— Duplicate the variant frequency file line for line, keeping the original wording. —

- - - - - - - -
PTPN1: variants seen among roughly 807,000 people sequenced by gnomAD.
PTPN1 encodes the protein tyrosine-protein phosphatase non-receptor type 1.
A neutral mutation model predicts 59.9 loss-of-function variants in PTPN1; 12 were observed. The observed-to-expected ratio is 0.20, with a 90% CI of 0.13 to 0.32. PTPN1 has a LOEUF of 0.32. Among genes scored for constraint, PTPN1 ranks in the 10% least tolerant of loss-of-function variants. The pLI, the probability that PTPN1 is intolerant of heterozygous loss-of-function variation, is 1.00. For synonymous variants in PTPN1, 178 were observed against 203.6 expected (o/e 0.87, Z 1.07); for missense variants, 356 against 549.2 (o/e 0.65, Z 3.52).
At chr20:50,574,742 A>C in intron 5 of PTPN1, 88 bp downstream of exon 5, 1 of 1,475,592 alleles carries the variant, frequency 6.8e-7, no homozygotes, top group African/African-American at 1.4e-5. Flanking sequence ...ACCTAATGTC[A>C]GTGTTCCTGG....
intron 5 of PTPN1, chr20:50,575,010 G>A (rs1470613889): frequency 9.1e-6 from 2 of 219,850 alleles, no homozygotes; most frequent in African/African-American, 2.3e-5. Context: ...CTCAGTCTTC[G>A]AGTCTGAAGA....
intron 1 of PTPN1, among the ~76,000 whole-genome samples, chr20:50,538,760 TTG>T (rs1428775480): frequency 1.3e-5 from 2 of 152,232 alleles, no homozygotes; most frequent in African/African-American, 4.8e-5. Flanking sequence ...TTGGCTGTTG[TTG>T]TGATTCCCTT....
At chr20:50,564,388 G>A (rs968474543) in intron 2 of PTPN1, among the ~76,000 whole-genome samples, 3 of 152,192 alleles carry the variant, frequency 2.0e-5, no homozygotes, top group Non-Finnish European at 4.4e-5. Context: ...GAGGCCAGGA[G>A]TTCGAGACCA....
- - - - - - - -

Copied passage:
PTPN1: variants seen among roughly 807,000 people sequenced by gnomAD.
PTPN1 encodes the protein tyrosine-protein phosphatase non-receptor type 1.
A neutral mutation model predicts 59.9 loss-of-function variants in PTPN1; 12 were observed. The observed-to-expected ratio is 0.20, with a 90% CI of 0.13 to 0.32. PTPN1 has a LOEUF of 0.32. Among genes scored for constraint, PTPN1 ranks in the 10% least tolerant of loss-of-function variants. The pLI, the probability that PTPN1 is intolerant of heterozygous loss-of-function variation, is 1.00. For synonymous variants in PTPN1, 178 were observed against 203.6 expected (o/e 0.87, Z 1.07); for missense variants, 356 against 549.2 (o/e 0.65, Z 3.52).
At chr20:50,574,742 A>C in intron 5 of PTPN1, 88 bp downstream of exon 5, 1 of 1,475,592 alleles carries the variant, frequency 6.8e-7, no homozygotes, top group African/African-American at 1.4e-5. Flanking sequence ...ACCTAATGTC[A>C]GTGTTCCTGG....
intron 5 of PTPN1, chr20:50,575,010 G>A (rs1470613889): frequency 9.1e-6 from 2 of 219,850 alleles, no homozygotes; most frequent in African/African-American, 2.3e-5. Context: ...CTCAGTCTTC[G>A]AGTCTGAAGA....
intron 1 of PTPN1, among the ~76,000 whole-genome samples, chr20:50,538,760 TTG>T (rs1428775480): frequency 1.3e-5 from 2 of 152,232 alleles, no homozygotes; most frequent in African/African-American, 4.8e-5. Flanking sequence ...TTGGCTGTTG[TTG>T]TGATTCCCTT....
At chr20:50,564,388 G>A (rs968474543) in intron 2 of PTPN1, among the ~76,000 whole-genome samples, 3 of 152,192 alleles carry the variant, frequency 2.0e-5, no homozygotes, top group Non-Finnish European at 4.4e-5. Context: ...GAGGCCAGGA[G>A]TTCGAGACCA....